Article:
Combating Child Abuse - One City at a Time
The Legacy of Aliahna Lemmon
On December 22, 2011 nine-year-old Aliahna Lemmon was beaten to death with a brick and then dismembered by 39-year-old Michael Plumadore in a trailer park in Fort Wayne, Indiana. Adding to the shock of this event was the fact that there were 14 registered sex offenders living in that one trailer park. One of those sex offenders was Aliahna's own grandfather until his death earlier in the month.
This was one of four cases of child abuse in Fort Wayne that had garnered national attention. The first was April Tinsley, age 6, who died on Good Friday, April 1, 1988. The second was Sarah Bowker, age 7, who was reported missing June 13, 1990. She was found about 2 p.m. June 14, lying face-down in a drainage ditch just south of the apartment complex. The third case was that of Alejandra Gutierrez, who, on December 5, 2005 was on her way to the bus stop to go to her fifth-grade classes at Maplewood Elementary. She never made it. The father of a friend confessed to raping and killing her and dumping her body in a field outside Muncie, Indiana.
Creating an Outlet for Victims
It was the most recent incident, that of Aliahna Lemmon, that gave local activist, columnist and award-winning film maker Terry Doran the idea to create a center that would not only honor the memory of those children who had been abused, but would also serve to provide healing for others who have suffered abuse or bullying.
This city can lead the country in showing that we can be better than these statistics show. Channel your anger and disgust into something positive.
I envision a citywide effort, not just the big shots and the ribbon-cutters, but for once everyone, all the ethnic groups, liberals, conservatives, old, young, rich, poor, the tea party would join forces with Occupy Fort Wayne. If we can’t put aside differences and dark prejudices to come together for the most helpless among us, what good are we?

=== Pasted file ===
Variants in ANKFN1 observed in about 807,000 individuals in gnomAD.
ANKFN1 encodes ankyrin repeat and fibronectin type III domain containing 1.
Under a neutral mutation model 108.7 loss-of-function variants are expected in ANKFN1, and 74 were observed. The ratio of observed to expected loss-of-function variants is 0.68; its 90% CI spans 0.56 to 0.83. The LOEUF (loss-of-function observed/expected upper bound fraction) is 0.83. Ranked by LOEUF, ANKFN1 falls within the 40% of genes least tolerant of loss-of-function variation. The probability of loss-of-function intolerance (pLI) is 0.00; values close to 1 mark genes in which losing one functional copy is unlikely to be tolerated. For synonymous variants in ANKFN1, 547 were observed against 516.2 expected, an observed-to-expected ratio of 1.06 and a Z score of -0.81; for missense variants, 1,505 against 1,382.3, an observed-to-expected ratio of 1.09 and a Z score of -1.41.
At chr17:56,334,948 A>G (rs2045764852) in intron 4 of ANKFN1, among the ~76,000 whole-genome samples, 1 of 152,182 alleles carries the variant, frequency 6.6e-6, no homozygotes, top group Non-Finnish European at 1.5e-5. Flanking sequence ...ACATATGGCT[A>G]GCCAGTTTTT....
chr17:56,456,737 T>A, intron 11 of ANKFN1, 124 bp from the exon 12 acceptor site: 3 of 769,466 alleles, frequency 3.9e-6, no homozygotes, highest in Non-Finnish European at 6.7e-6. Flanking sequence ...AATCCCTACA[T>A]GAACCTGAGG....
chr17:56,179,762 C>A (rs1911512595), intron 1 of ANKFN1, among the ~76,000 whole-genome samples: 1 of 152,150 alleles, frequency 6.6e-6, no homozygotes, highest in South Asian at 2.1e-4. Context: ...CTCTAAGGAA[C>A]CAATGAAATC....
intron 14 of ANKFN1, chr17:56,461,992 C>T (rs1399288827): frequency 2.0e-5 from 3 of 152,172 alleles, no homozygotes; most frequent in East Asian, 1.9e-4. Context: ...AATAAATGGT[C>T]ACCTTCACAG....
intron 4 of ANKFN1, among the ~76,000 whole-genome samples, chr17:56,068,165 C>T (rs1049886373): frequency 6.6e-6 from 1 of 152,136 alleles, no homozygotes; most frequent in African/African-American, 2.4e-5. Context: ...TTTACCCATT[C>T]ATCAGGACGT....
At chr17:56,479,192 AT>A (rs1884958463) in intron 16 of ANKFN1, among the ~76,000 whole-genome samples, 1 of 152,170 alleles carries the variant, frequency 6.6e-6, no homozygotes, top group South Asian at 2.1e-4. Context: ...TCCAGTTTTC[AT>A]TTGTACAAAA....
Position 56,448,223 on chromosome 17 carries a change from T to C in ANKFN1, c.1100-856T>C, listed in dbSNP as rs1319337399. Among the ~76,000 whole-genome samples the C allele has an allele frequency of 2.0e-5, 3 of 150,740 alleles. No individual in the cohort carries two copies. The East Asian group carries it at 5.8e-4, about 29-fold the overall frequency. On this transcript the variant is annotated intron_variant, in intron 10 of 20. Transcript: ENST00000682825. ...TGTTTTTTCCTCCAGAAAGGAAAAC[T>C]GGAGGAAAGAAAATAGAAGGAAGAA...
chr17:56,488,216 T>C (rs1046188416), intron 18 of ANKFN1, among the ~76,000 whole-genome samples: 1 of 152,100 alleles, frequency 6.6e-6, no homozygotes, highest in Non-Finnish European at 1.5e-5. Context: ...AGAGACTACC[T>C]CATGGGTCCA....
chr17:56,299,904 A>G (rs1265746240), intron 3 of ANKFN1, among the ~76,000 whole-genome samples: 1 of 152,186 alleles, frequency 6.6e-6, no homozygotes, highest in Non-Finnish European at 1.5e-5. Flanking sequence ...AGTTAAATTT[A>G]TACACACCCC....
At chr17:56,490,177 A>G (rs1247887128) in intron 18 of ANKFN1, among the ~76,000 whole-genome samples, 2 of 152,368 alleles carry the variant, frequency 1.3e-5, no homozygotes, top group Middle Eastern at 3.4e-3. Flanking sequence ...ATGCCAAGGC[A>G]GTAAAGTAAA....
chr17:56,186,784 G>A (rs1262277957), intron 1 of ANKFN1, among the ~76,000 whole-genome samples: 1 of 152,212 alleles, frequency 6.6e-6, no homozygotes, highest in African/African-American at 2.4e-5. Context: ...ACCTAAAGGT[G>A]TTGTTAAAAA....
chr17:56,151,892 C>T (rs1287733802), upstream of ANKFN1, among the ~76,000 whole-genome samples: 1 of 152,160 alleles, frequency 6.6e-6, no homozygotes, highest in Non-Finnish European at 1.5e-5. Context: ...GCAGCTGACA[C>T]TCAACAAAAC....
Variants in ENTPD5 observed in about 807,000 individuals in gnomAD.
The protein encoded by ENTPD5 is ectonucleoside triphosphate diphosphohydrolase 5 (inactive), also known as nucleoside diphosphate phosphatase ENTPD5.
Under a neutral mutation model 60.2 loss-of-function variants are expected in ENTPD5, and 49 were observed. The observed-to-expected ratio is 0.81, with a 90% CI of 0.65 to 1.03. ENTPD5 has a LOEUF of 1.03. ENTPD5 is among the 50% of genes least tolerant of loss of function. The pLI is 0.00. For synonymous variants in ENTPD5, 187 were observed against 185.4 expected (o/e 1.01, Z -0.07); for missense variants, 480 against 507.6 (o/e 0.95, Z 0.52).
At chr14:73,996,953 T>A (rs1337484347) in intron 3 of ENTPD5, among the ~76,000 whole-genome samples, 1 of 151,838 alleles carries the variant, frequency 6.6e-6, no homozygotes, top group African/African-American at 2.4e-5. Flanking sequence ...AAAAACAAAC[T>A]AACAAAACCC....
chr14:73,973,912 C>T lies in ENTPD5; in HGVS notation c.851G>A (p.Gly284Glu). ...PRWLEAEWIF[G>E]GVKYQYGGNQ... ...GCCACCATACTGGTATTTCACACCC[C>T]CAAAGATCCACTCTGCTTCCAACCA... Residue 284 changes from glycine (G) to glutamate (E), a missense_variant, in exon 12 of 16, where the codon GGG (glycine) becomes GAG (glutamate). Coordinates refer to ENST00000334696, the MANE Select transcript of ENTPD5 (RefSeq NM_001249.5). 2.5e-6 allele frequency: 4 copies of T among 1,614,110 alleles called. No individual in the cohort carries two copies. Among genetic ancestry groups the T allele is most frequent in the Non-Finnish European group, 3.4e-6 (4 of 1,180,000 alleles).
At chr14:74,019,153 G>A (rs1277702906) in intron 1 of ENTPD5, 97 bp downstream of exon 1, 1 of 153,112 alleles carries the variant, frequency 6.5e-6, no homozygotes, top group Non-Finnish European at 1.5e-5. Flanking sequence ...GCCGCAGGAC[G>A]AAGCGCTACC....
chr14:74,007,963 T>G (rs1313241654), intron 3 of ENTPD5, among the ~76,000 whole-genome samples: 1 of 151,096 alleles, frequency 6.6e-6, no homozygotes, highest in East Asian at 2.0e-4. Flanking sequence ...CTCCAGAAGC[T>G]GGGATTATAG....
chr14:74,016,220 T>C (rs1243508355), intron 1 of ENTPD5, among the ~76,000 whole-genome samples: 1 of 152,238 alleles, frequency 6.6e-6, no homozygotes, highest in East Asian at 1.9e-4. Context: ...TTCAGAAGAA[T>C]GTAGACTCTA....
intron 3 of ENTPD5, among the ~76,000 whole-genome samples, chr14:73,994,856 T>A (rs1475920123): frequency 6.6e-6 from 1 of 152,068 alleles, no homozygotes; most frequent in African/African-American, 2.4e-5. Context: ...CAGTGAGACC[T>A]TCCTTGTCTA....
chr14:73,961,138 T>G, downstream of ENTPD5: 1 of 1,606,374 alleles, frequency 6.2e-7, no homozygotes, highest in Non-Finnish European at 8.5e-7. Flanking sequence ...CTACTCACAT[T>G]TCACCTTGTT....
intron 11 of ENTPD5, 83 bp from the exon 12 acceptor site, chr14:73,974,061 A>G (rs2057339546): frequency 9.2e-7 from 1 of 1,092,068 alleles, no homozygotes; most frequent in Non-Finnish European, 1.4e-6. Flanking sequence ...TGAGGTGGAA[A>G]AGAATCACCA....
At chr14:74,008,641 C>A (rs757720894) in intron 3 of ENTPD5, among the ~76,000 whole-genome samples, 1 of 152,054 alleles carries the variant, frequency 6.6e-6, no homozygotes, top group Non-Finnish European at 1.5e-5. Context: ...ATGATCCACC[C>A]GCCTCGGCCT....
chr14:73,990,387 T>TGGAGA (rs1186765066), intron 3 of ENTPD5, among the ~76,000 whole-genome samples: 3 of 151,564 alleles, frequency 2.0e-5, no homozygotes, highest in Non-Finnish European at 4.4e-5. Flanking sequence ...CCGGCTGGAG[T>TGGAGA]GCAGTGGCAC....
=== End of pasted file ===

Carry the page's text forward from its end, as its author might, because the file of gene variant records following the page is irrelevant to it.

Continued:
I certainly am not the only one wanting to create a memorial. In a recent meeting with Mayor Tom Henry, he offered his support and summed up the need simply but eloquently, “It shouldn’t hurt to be a child.”
Terry has suggested it be "a building that is environmentally friendly, powered by solar energy and natural light, and located in the downtown area. It would be a place for healing, meditating, thinking, talking, fun, discussing, a retreat, a place for artistic expression."
The Three Rivers Art Center for Kids (TRACK for short) would inspire a community of learners through interactive exhibits and learning experiences, a place where children and families can learn and grow together. What better place to provide awareness and preventative education than a safe learning environment that can reach an entire community? Housed along the river in downtown Fort Wayne, an arts center can become a regional center for informal education for all children, parents, schools, teachers and church groups in the community.
Terry Doran and several others have joined forces to make this building a reality. As a beginning to this project they created a mural which was painted by a group of local children under the guidance of a professional mural artist. The completed mural will be display in places like the Allen County Public Library and other locations in the city.
To date TRACK had brought several speakers and performers to Fort Wayne to speak on the subject of child abuse. Among them was Katherine Reddick - whose scathing obituary of her mother garnered national attention - and Native American flutist John Two Hawks. TRACK has also produced several television programs on the topic.
Fort Wayne is only the beginning. There is no reason this idea couldn't spread across the nation. Why not consider such a project for your city?
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